Coach hangs up on Blue fans
What? Kelly will no longer accept telephone calls on his radio show
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Hey there, time traveller!
This article was published 31/08/2009 (4730 days ago), so information in it may no longer be current.
Wanna talk to Blue Bombers head coach Mike Kelly? The good news is you’re going to save minutes on your cell bill, but the bad news is it’s going to cost you a little more in gas money.
Kelly says the fractious relationship between himself and some callers on his radio show has led him to the decision that if Winnipeggers want to interact with him, they’ll have to do it in person and not over the phone.
Kelly told the media on Sunday morning that he would no longer take phone calls on The Mike Kelly Show, which airs every Monday during the regular season on CJOB from 7 p.m. to 8 p.m.
"I’m not going to do it. It’s counterproductive. I just don’t feel there’s a positive aspect for anybody involved. It’s a vocal minority that calls in, and when we lose or don’t play particularly well, there’s just too many personal attacks, whether they’re at me or at a player or whatever it might be," stated Kelly. "And when we win, obviously compliments are appreciated, but then it goes overboard that way, too. If you want to come to the Upperdeck Sports Bar, which is a great venue, you can ask questions there face to face rather than having phone muscles, or you can go ahead and email them and we’ll take the questions that we want there. I just didn’t see where it was serving anyone’s purpose on either side to have the call-ins and get into some of the things that we got into."
Kelly has had fans call in and berate him and he’s had some caustic replies. "I’m glad your mother put a phone line in the basement," and "Next time I’m at McDonalds, I’ll let you shake the salt on my fries," roughly paraphrase a pair of the coach’s quotes that have left tongues wagging in the city.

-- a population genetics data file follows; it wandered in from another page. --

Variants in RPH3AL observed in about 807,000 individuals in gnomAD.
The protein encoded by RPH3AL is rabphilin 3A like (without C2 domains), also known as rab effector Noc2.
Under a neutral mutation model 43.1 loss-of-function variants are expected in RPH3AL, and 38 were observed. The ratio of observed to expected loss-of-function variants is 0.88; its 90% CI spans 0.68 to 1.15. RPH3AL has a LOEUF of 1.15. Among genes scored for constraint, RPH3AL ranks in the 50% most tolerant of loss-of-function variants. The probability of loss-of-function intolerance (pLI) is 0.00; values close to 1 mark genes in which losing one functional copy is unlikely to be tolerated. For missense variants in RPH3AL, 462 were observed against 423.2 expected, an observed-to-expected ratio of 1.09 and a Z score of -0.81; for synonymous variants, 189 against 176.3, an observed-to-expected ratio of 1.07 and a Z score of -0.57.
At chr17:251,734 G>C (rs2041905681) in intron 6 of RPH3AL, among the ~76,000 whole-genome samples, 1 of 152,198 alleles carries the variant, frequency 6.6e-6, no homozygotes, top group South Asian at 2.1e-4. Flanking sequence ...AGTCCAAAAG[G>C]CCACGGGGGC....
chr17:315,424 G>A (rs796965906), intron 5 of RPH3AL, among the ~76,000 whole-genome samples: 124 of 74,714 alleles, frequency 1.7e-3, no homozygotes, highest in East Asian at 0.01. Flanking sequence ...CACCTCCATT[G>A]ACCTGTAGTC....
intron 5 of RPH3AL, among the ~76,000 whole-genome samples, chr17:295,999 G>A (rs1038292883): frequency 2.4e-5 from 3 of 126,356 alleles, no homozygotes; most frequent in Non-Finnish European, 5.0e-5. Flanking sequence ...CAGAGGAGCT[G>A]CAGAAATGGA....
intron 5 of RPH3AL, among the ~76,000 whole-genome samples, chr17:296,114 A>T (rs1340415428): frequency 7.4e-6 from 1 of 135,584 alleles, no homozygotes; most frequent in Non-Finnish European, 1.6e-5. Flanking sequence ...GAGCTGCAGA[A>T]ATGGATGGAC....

"If I was in Philadelphia they’d love it. There wouldn’t even be an issue. I just don’t understand why somebody thinks that they can come and attack me and I’m not going to attack them back. That’s just how I was raised," reasoned Kelly. "In Philadelphia and Chicago, that’s how you live. That’s how you grow up. It’s a give and take. Here, if I give it back, everybody flips out. ‘Oh, he can’t say that.’ Well, yeah, I can say that. If you’re going to come at me, then I’m going to come at you."
Having people come to the show on location to ask their questions will eliminate a lot of the inflammatory remarks, said Kelly.
"If you think you can stand up and ask a question, then stand up and ask a question, but don’t hide behind a computer or a phone and act like you’re a big guy," said the first-year Bombers coach.
Kelly says he’s not hiding from the public scrutiny that comes along with being a professional coach.
"I’m not afraid to give answers, but saying that we all should be fired right away? We have families to support, too. I’ve got my daughters (who were born in Winnipeg) listening in Philadelphia on the computer, and they phone me up afterwards and say, ‘Dad, what’s wrong with these people?’ I say, ‘You’re from this town. You tell me.’ I believe it’s a vocal minority, and why give them a bigger platform than they need?" asked Kelly.